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Discussion Starter · #1 ·
Hello all, I'm glad I found this forum because I've been freaking out and could really use some advice!

I've been fighting a goiter for the last 2 years. My levels have always been within range. I had high RT3 last year but got it under control with an adrenal supplement and felt great.
Then all of a sudden I started having issues again.
My RT3 and thyroid levels are still normal. I tested negative for Hashi antibodies.

I have been taking Selenium and Zinc and all B vitamins for the last year as well.

I finally asked for an Iodine blood test and my serum results were low at 46 mcg/L. Normal range is 52 - 109.

I was very excited to find the issue and bought some Potassium Iodide drops. I started myself out on a low dose .225 mcg 2 days ago. I have more energy and no brain frog which is nice, but my thyroid feels so inflamed.

I feel like I have food stuck in my throat, it's hard to swallow. I also experienced a severe panic attack last night that I still feel.

Shakes, diarrhea, anxiety.

Is this normal detox/die off? Should I stop the iodine? I am so confused because I know it's needed.
I also had to stop taking my Lithium because of this and it's been making the whole situation even harder on my mental state.

I am extremely claustrophobic and cannot stand the tightness in my throat.

Any advice would be greatly appreciated, this has been extremely hard and I am very scared of every second and what it will bring.
 

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Lithium is some times used for thyroid cancer patients to improve the uptake radioactive iodine, so I would assume the lithium is increasing uptake of "regular" iodine as well.

Could you post your latest lab results?

Have you had an ultrasound of your thyroid?
 

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Wow!!! You are being challenged here. Not sure it was a good idea to stop the Lithium but ironically, many who have been on Lithium do develop thyroid problems.

From what I understand to be true; once the person has an obvious thyroid condition such as yours, iodine is absolutely contraindicated.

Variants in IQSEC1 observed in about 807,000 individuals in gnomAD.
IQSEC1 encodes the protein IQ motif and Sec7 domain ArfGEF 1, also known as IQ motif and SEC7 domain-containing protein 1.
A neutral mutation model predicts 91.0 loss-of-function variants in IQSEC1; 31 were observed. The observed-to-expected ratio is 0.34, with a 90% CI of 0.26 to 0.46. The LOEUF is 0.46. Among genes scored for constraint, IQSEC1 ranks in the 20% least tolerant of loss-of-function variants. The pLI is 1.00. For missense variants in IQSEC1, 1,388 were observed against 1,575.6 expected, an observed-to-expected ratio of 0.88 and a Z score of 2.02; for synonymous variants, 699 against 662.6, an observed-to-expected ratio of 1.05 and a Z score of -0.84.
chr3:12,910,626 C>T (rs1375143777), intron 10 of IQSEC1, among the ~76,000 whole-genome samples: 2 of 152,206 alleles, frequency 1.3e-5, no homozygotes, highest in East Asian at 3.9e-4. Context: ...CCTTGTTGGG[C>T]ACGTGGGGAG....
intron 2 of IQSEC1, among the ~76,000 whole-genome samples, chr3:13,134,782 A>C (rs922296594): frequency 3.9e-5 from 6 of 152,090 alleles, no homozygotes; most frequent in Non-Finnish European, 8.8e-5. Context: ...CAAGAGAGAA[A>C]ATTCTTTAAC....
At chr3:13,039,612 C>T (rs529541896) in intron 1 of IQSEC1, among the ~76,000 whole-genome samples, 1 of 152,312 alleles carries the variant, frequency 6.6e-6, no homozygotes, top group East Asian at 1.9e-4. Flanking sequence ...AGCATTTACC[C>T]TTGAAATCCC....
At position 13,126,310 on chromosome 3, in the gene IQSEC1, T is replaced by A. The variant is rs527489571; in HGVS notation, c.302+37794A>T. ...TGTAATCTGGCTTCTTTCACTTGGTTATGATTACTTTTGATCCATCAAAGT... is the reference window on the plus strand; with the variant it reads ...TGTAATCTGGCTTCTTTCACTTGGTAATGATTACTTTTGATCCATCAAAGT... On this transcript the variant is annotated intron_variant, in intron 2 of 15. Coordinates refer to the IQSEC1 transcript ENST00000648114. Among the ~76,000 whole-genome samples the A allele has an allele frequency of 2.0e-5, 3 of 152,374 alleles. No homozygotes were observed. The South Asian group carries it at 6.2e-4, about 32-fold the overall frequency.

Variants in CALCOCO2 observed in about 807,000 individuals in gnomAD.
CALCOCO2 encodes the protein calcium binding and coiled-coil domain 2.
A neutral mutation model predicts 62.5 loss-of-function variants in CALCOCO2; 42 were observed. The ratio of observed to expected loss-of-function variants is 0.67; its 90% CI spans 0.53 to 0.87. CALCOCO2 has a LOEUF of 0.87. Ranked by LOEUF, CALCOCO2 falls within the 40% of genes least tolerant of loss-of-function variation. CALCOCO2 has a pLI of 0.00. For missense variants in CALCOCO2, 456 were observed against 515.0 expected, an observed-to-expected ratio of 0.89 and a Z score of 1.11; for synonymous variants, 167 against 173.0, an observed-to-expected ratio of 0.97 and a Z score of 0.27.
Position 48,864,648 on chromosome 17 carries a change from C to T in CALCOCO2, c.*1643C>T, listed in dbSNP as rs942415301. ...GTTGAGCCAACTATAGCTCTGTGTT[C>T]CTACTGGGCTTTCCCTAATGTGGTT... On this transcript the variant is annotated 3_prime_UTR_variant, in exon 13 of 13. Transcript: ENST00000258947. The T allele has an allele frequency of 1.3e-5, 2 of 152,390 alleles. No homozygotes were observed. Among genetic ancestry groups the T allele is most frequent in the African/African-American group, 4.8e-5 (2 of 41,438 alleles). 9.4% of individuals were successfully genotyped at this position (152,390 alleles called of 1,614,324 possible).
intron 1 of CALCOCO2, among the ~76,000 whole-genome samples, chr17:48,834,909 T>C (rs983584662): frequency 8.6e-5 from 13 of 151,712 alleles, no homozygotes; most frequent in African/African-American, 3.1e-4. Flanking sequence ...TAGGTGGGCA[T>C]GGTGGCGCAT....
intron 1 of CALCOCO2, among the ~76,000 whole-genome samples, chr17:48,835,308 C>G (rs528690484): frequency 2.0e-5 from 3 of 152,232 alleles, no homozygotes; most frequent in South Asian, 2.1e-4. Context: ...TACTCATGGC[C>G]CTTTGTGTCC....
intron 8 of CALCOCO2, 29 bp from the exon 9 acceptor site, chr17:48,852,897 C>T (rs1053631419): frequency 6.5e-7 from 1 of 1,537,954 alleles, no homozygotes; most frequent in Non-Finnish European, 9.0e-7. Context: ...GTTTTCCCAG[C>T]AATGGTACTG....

And I would like to strongly urge you to have an ultra-sound of your thyroid. Please promise us you will follow through on the ultra-sound. You may find you do better seeing an ENT about all of this as it sounds like your goiter may be taking the path of least resistance and growing more inward than outward.

Out of curiosity, did you ever think you had a thyroid problem before the lithium came along in your life?

Sending caring hugs,
 

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Discussion Starter · #4 ·
Thanks for the replies! My issues started after pregnancy (that I noticed). I have always had bad food allergies to eggs and dairy so I am guessing I have been iodine deficient for a while as well. I did have an ultrasound of my thyroid, the right side was 5.3 x .8 x 1.7, the left side was 5.0 x 1.0 x 1.6.

My lab results were

TSH 1.210 0.450-4.500 uIU/mL

T4,Free(Direct) 1.04 0.82-1.77 ng/dL

Reverse T3 13.2 9.2-24.1 ng/dL

Triiodothyronine(T3),Free 2.8 2.0-4.4

Thyroid Peridoxase was <10 Range <35

Iodine serum plasma 46 Range 52 - 109

I was hoping the only issue was iodine deficiency, but after 2 days of the iodine my thyroid feels so swollen. It feels kinda hopeless. Is it normal for the thyroid to swell before it shrinks? I can't stand the choking feeling but I am worried when I see an ENT they will tell me to wait it out or I will have to wait even longer to see an endo.